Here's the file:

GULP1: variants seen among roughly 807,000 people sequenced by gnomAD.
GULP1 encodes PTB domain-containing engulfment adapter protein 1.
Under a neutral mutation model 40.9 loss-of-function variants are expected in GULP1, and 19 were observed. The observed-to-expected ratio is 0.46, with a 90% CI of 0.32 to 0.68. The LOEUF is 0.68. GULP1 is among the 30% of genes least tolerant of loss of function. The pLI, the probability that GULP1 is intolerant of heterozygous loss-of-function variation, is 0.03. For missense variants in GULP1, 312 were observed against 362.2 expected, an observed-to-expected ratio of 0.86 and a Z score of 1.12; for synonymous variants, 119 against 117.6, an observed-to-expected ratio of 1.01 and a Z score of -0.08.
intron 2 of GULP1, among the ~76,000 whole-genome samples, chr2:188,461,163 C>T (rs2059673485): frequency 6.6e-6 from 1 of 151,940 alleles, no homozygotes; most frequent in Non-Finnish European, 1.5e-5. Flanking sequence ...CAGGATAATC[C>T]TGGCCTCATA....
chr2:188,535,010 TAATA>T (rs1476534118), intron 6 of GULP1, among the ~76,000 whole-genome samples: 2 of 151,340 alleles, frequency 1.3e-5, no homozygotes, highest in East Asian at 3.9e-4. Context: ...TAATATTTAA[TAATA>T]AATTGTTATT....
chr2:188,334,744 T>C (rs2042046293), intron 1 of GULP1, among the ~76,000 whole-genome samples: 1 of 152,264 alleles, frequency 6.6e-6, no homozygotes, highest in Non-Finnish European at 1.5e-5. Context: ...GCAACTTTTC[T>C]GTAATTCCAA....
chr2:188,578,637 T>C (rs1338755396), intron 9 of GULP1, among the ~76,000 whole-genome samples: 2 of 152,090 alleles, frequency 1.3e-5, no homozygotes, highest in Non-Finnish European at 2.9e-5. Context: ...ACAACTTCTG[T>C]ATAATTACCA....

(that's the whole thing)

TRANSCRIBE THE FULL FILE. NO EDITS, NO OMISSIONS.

GULP1: variants seen among roughly 807,000 people sequenced by gnomAD.
GULP1 encodes PTB domain-containing engulfment adapter protein 1.
Under a neutral mutation model 40.9 loss-of-function variants are expected in GULP1, and 19 were observed. The observed-to-expected ratio is 0.46, with a 90% CI of 0.32 to 0.68. The LOEUF is 0.68. GULP1 is among the 30% of genes least tolerant of loss of function. The pLI, the probability that GULP1 is intolerant of heterozygous loss-of-function variation, is 0.03. For missense variants in GULP1, 312 were observed against 362.2 expected, an observed-to-expected ratio of 0.86 and a Z score of 1.12; for synonymous variants, 119 against 117.6, an observed-to-expected ratio of 1.01 and a Z score of -0.08.
intron 2 of GULP1, among the ~76,000 whole-genome samples, chr2:188,461,163 C>T (rs2059673485): frequency 6.6e-6 from 1 of 151,940 alleles, no homozygotes; most frequent in Non-Finnish European, 1.5e-5. Flanking sequence ...CAGGATAATC[C>T]TGGCCTCATA....
chr2:188,535,010 TAATA>T (rs1476534118), intron 6 of GULP1, among the ~76,000 whole-genome samples: 2 of 151,340 alleles, frequency 1.3e-5, no homozygotes, highest in East Asian at 3.9e-4. Context: ...TAATATTTAA[TAATA>T]AATTGTTATT....
chr2:188,334,744 T>C (rs2042046293), intron 1 of GULP1, among the ~76,000 whole-genome samples: 1 of 152,264 alleles, frequency 6.6e-6, no homozygotes, highest in Non-Finnish European at 1.5e-5. Context: ...GCAACTTTTC[T>C]GTAATTCCAA....
chr2:188,578,637 T>C (rs1338755396), intron 9 of GULP1, among the ~76,000 whole-genome samples: 2 of 152,090 alleles, frequency 1.3e-5, no homozygotes, highest in Non-Finnish European at 2.9e-5. Context: ...ACAACTTCTG[T>C]ATAATTACCA....